When I was a senior in high school, living in eastern Nevada, I went deer hunting alone on a late November day in 1961. It was a wet, cloudy day and the first snow of the year was melting. Driving up toward the mountains on a little-used road that was just two parallel ruts with water seeping down them, I saw several deer get up and pass over a ridgeline to the south. I stopped the pickup and hurried down through a gully and up the far slope to the top of the ridge. When I got there, I could not spot the deer.
I came back to the pickup about fifteen minutes later and found it sunk into the ruts so far that the running boards on both sides were resting on the ground. I tried to free the truck from the muddy ruts; but the more things I tried, the more mired it became. The afternoon was quickly draining away, and as I rested I looked up toward the mountains to see a storm rolling down toward me. About ten minutes later thick, heavy snow was falling. As the light faded, the intensity of the storm increased.
I knew that if I stayed in place, I would be snowed in. At this point of the year, deep snow could be on the ground for a long time. My only option was to strike out on foot down to the ranch road and to head toward Ely. I took with me only my father’s rifle, mostly because he would not want me to leave it and not because I thought I needed it for protection.
Within half an hour, the darkness was almost complete, and the driving snowstorm made everything disappear. The only way I could navigate was to feel for the brush rubbing against my jeans on the right side. When I did feel it, I would angle to the left until I felt the brush in the center brushing my left boot. I had walked for over an hour when I sensed something in front of me. I couldn’t see anything, but I had that feeling that comes when we come near something in the dark. I slowed down and, inching forward with my free hand in front of me, I bumped into a cow. I don’t know which of us was more startled; but the cow moved off the road and I passed by.
After walking for another hour or so, I came to the ranch road and turned north toward home. The snow did not let up but, as happens when everything turns white with snow, there seemed to be a bit more light by which to navigate. For the next hour I could feel the gravel crunching under my boots. Then everything was muffled as the snow continued to fall.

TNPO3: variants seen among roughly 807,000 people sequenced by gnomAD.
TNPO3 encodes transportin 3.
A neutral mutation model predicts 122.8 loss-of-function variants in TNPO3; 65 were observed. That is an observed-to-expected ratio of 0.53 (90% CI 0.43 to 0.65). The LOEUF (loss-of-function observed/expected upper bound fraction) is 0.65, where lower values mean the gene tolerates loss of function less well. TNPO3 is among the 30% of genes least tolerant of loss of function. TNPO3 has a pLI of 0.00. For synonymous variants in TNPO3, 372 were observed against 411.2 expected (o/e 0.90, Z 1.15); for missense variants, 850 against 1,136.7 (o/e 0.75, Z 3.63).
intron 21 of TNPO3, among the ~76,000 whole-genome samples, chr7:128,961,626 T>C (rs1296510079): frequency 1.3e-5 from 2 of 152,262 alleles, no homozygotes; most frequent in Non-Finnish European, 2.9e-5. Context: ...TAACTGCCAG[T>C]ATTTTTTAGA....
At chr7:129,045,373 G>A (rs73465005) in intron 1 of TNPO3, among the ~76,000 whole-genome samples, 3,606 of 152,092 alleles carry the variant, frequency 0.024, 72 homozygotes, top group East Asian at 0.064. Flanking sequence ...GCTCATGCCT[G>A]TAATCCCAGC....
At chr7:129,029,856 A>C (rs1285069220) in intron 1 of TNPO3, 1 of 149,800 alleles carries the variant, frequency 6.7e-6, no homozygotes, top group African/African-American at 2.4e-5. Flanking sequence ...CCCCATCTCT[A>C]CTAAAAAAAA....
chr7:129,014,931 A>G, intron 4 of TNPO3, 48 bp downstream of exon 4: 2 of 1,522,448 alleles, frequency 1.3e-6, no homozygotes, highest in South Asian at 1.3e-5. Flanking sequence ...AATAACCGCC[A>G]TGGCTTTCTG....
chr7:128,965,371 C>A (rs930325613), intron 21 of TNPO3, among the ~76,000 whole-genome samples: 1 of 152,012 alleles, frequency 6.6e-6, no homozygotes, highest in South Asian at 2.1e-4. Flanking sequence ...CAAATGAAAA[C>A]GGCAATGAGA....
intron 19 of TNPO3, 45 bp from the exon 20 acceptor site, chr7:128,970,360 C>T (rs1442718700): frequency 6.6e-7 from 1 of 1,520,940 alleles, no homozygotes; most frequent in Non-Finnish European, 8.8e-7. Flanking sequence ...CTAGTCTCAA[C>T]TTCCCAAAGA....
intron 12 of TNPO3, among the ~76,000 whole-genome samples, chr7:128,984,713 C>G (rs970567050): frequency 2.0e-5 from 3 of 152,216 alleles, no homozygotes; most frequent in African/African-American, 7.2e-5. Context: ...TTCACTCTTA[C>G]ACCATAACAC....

Looking back over all these decades, I don’t know what I might have been thinking about as I trudged along that road. To this day, however, I can feel the almost perfect stillness that surrounded me. It was the first time I experienced a true sense of detachment, almost as though I were watching myself walking mile after mile. I lost track of how much time passed and just kept putting one foot in front of the other.
As I walked I eventually came to the road that turned right off the ranch road and went to the old charcoal ovens that had been used in the late 1800s for charcoal production. I knew that from this point I had about two more hours of walking until I came to the paved highway that led to town. I had not eaten for several hours so I was growing tired; but the hope of catching a ride home on Highway 93 kept me moving.
After a few minutes, I heard a distant sound to my rear. Soon I recognized it as a large truck. My sense of relief grew as I heard it coming closer. Soon I could sense the headlights illuminating everything in front of me. Since the snow had been coming against my back from the south, I did not bother turning around. The cattle truck rumbled right past me, and I watched the tail lights disappearing in the storm ahead. Just as it occurred to me to fire the rifle at the truck’s tires, it stopped. I trudged up to the passenger side and opened the door. The old rancher stared at me and said, “Jesus Christ, son. I thought you was a ghost.”
I don’t know who that good Samaritan was, but he gave me a ride into town, dropping me off on the main street just a few doors from our house. I arrived home after 2:00 a.m., to find my parents and oldest sister anxiously waiting to hear from me. Once I told my story, my father said that we couldn’t leave the pickup out there all winter. He called my brother-in-law, who had a Toyota Land Cruiser and headed back into the country within an hour. I was exhausted, but since I was the only one who knew exactly where the pickup was, I had to go along. I don’t know what time it was when we arrived where the pickup was stuck, but by the time we got it pulled out and turned around, the sky was beginning to lighten.
I had the presence of mind to ask my father to clock the mileage from that spot to the coke ovens. He asked me several times, “You sure you walked this far?” Passing the turnoff, he announced that we had come just over 21 miles.
Maybe I should have realized then that the long walk taken would lead to a life of travel and long walks along paths and roadways. That experience as a teenager of seventeen seems to have marked my life—and set up what now lies ahead for me.